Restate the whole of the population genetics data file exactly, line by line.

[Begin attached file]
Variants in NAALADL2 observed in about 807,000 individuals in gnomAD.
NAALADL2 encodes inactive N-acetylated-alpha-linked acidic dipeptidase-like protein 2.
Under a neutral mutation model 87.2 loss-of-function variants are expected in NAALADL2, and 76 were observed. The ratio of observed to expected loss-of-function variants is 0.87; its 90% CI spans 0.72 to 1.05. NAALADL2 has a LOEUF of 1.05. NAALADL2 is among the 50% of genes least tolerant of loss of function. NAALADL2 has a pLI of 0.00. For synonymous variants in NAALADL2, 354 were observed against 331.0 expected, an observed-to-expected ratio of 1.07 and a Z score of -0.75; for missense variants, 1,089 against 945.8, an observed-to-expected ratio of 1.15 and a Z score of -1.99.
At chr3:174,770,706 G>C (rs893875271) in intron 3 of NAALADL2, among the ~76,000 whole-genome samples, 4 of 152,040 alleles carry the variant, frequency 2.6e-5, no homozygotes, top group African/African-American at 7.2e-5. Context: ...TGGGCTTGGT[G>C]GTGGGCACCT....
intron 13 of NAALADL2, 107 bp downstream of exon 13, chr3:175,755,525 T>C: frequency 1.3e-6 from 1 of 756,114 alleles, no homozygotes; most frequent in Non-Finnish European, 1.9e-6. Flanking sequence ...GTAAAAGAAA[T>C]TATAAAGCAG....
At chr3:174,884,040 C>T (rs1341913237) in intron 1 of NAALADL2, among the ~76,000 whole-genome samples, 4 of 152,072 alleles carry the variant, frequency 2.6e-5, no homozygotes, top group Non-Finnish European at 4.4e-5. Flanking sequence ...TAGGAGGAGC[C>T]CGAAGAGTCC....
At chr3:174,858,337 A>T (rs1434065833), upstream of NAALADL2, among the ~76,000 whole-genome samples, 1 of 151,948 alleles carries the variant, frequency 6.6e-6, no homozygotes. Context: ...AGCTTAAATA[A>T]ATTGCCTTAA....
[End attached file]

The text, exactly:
Variants in NAALADL2 observed in about 807,000 individuals in gnomAD.
NAALADL2 encodes inactive N-acetylated-alpha-linked acidic dipeptidase-like protein 2.
Under a neutral mutation model 87.2 loss-of-function variants are expected in NAALADL2, and 76 were observed. The ratio of observed to expected loss-of-function variants is 0.87; its 90% CI spans 0.72 to 1.05. NAALADL2 has a LOEUF of 1.05. NAALADL2 is among the 50% of genes least tolerant of loss of function. NAALADL2 has a pLI of 0.00. For synonymous variants in NAALADL2, 354 were observed against 331.0 expected, an observed-to-expected ratio of 1.07 and a Z score of -0.75; for missense variants, 1,089 against 945.8, an observed-to-expected ratio of 1.15 and a Z score of -1.99.
At chr3:174,770,706 G>C (rs893875271) in intron 3 of NAALADL2, among the ~76,000 whole-genome samples, 4 of 152,040 alleles carry the variant, frequency 2.6e-5, no homozygotes, top group African/African-American at 7.2e-5. Context: ...TGGGCTTGGT[G>C]GTGGGCACCT....
intron 13 of NAALADL2, 107 bp downstream of exon 13, chr3:175,755,525 T>C: frequency 1.3e-6 from 1 of 756,114 alleles, no homozygotes; most frequent in Non-Finnish European, 1.9e-6. Flanking sequence ...GTAAAAGAAA[T>C]TATAAAGCAG....
At chr3:174,884,040 C>T (rs1341913237) in intron 1 of NAALADL2, among the ~76,000 whole-genome samples, 4 of 152,072 alleles carry the variant, frequency 2.6e-5, no homozygotes, top group Non-Finnish European at 4.4e-5. Flanking sequence ...TAGGAGGAGC[C>T]CGAAGAGTCC....
At chr3:174,858,337 A>T (rs1434065833), upstream of NAALADL2, among the ~76,000 whole-genome samples, 1 of 151,948 alleles carries the variant, frequency 6.6e-6, no homozygotes. Context: ...AGCTTAAATA[A>T]ATTGCCTTAA....